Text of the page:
Blowing the whistle can be the weapon of choice for senior executives as part of their exit strategy particularly if they do not have a discrimination card to play. Once they make a qualifying protected disclosure they acquire the right not to be subjected to any detriment for making that disclosure and any dismissal for doing so will be automatically unfair. Additionally the two year length of service requirement does not apply and any compensation awarded is not subject to the statutory cap.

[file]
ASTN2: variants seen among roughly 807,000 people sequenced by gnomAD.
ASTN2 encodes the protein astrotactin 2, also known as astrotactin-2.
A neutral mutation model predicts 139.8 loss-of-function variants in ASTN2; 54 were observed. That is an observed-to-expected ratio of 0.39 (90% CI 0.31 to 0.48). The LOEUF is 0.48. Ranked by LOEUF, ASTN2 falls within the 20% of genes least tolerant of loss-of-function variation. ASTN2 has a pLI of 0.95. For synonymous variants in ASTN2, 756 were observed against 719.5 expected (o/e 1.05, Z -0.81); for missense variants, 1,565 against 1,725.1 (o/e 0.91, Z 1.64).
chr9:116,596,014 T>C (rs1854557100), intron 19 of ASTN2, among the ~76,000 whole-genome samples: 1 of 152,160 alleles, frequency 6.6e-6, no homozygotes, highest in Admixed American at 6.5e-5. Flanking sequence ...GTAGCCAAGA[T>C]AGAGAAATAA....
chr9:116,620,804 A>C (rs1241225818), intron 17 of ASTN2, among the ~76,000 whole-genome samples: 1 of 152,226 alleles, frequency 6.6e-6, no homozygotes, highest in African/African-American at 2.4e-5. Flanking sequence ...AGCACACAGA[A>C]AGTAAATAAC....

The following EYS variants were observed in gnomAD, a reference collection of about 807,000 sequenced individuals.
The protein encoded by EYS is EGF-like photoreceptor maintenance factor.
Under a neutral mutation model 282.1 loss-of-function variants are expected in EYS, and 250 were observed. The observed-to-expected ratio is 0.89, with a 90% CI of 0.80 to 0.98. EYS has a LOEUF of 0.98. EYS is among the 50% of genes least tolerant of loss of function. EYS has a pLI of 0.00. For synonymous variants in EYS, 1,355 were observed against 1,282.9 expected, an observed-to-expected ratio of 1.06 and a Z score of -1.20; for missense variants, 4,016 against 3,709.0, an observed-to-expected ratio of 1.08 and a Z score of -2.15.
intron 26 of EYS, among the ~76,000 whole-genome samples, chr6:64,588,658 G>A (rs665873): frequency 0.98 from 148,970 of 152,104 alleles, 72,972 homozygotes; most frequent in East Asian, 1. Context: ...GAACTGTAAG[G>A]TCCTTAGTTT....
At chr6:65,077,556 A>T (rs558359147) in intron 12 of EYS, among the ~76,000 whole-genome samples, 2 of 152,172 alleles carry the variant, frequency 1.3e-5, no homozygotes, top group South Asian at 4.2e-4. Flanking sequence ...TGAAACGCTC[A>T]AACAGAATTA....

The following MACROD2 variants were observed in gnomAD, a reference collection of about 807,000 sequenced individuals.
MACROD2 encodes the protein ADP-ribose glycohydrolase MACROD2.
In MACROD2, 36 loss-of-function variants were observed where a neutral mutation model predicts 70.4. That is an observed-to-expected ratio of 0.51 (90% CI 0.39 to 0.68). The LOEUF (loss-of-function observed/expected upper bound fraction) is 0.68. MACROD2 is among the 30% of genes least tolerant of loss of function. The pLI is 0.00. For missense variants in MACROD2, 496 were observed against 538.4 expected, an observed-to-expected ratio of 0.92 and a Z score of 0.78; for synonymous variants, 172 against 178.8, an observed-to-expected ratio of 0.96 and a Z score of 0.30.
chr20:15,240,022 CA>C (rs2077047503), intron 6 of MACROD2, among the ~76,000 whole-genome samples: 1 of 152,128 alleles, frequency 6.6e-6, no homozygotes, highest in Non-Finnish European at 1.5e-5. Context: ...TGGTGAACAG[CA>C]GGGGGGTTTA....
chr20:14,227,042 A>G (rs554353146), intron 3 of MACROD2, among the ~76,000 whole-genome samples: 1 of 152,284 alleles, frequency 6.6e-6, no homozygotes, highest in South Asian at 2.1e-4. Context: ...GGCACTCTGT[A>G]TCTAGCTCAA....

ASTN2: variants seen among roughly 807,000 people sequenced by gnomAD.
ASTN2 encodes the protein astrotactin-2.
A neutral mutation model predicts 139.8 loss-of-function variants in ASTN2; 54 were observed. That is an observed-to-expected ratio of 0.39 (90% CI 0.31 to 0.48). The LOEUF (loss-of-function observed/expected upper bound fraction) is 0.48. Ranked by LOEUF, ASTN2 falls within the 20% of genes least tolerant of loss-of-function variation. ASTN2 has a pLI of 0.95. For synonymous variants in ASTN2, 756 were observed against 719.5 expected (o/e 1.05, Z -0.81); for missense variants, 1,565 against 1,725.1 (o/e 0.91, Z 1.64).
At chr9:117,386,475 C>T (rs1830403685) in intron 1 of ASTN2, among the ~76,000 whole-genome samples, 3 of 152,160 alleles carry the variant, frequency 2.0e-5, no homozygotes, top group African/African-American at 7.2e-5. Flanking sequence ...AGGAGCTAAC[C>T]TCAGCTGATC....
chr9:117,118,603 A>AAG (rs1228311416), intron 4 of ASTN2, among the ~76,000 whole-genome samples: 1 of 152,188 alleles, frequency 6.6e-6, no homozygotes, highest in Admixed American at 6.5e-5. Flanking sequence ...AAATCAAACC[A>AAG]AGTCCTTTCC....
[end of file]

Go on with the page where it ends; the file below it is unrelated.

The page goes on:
In June 2013 changes were made to the test for a qualifying disclosure in the Employment Rights Act 1996, including a new requirement that a worker must reasonably believe that their disclosure was ‘in the public interest’. This new public interest requirement was introduced to close a loophole created by the case of Parkins v Sodexho under which workers were able to allege that their disclosure was protected under whistleblowing legislation, even though it related to their own personal employment contract.